Sunday, February 12, 2012

How to Practice: Getting the most out of your training

In group classes we talk about how to practice. I first give a general set of tips and then we talk about efficient training.

  • Use great treats.
  • Work on one thing at a time.
  • Many short sessions a day are better than one or two long sessions.
  • Any sessions are better than no sessions.
  • Training sessions can last 15 seconds or a few minutes
  • After a few minutes, take a break for petting or play. If you want to keep training you can go back to the same behavior or something different.
  • Start each session at a "point of success"
When I started training Blaze, we would practice everything he knew, sometimes every day.  Now, my training sessions look very different. Good training is not running through everything once or twice, that doesn't give the repetition that a dog needs to learn.  However, there are times to do everything just a few times.  1) For some people, after a bad day it can make you feel better to see all the amazing things your dog can do. 2) You can show off how smart your dog is to friends or family.

So what does a purposeful training session look like?   You pick one aspect to work on.  You work for no more than 3-4 minutes. You take a break with your dog and evaluate your progress.  This will help you get from point A to point B in your training and make the most of your limited time.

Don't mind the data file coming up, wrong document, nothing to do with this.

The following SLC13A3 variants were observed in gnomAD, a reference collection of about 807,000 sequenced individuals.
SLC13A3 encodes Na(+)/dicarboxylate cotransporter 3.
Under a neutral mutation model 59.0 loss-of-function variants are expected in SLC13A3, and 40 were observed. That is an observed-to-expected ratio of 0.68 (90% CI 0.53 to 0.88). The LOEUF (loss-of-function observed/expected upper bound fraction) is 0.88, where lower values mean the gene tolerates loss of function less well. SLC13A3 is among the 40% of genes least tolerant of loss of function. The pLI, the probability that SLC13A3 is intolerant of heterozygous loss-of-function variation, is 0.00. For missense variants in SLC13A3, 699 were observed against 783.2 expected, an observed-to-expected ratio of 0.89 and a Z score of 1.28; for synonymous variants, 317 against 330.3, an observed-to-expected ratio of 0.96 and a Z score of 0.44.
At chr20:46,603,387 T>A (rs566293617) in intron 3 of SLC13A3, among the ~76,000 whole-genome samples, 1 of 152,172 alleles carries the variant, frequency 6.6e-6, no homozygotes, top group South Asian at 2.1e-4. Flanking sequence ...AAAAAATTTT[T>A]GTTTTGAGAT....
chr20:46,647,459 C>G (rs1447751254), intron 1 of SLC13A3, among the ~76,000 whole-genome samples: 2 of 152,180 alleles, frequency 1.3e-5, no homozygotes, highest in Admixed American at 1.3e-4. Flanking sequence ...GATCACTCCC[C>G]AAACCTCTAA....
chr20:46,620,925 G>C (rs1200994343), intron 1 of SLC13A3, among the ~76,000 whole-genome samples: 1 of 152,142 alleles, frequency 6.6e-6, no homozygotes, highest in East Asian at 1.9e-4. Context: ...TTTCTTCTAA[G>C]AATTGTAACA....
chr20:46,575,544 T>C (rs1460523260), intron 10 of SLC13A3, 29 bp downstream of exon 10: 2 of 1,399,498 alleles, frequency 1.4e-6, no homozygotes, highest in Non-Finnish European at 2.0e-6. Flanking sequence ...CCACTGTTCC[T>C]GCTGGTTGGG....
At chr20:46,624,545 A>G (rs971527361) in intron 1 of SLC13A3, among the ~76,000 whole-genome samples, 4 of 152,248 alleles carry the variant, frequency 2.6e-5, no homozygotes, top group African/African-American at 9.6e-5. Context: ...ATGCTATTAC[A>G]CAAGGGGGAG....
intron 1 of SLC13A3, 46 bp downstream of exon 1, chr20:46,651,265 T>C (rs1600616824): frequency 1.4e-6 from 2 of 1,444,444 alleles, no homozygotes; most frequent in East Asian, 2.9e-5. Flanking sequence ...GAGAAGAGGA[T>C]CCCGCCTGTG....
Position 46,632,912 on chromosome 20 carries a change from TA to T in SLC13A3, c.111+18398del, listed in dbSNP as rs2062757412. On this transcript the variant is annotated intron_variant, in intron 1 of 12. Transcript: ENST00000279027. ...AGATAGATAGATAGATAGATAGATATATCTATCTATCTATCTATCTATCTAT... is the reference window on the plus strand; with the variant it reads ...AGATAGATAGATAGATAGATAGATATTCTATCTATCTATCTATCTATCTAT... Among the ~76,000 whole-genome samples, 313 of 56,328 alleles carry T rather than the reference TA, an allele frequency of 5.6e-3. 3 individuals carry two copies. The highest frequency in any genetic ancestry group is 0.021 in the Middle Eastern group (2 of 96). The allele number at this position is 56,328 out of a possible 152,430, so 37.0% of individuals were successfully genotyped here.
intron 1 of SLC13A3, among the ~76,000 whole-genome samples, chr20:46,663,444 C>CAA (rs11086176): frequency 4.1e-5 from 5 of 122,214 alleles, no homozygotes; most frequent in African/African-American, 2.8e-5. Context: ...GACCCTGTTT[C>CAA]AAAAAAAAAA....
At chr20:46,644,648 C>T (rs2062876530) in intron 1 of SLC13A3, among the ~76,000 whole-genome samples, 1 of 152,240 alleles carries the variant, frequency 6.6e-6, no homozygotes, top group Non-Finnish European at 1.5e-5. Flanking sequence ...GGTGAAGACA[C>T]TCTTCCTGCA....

Here's an example from training Griffin to stand. 
What we have: He could stand readily on a visual cue. He does not know a word for standing.
Session 1: Warm him up by reinforcing a few non-cued (offered) stands.  Use a treat to get him back into the Down (because we do not want to work on the down right now).  Add the word right as he stands.  
What happened:  It went fast and by 4-5 repetitions he was responding to the word!

Session 2: Warm him up with a few cued repetitions and then start to vary my position. Rather than being in front of him, I would stand a step to the side, the other side, back, hands up, holding something.
What happened: It went really well unless I was 3 steps away. Then he would Sit rather than stand.  I only did two repetitions and moved on to other types of challenges.

Session 3: Warm him up with a few repetitions right in front of me.  Every few repetitions I would move back by 1/2 a step (rather than the full steps I used in the previous session).
What happened: We worked up to 4 steps away.

Griffin says "Leaping is more fun than standing."
Each session lasted 60-90 seconds.  We made unusually fast progress with this behavior. It was helped because he already knew how to stand (on a different cue, a hand signal) and because he knew how to stand stay.   

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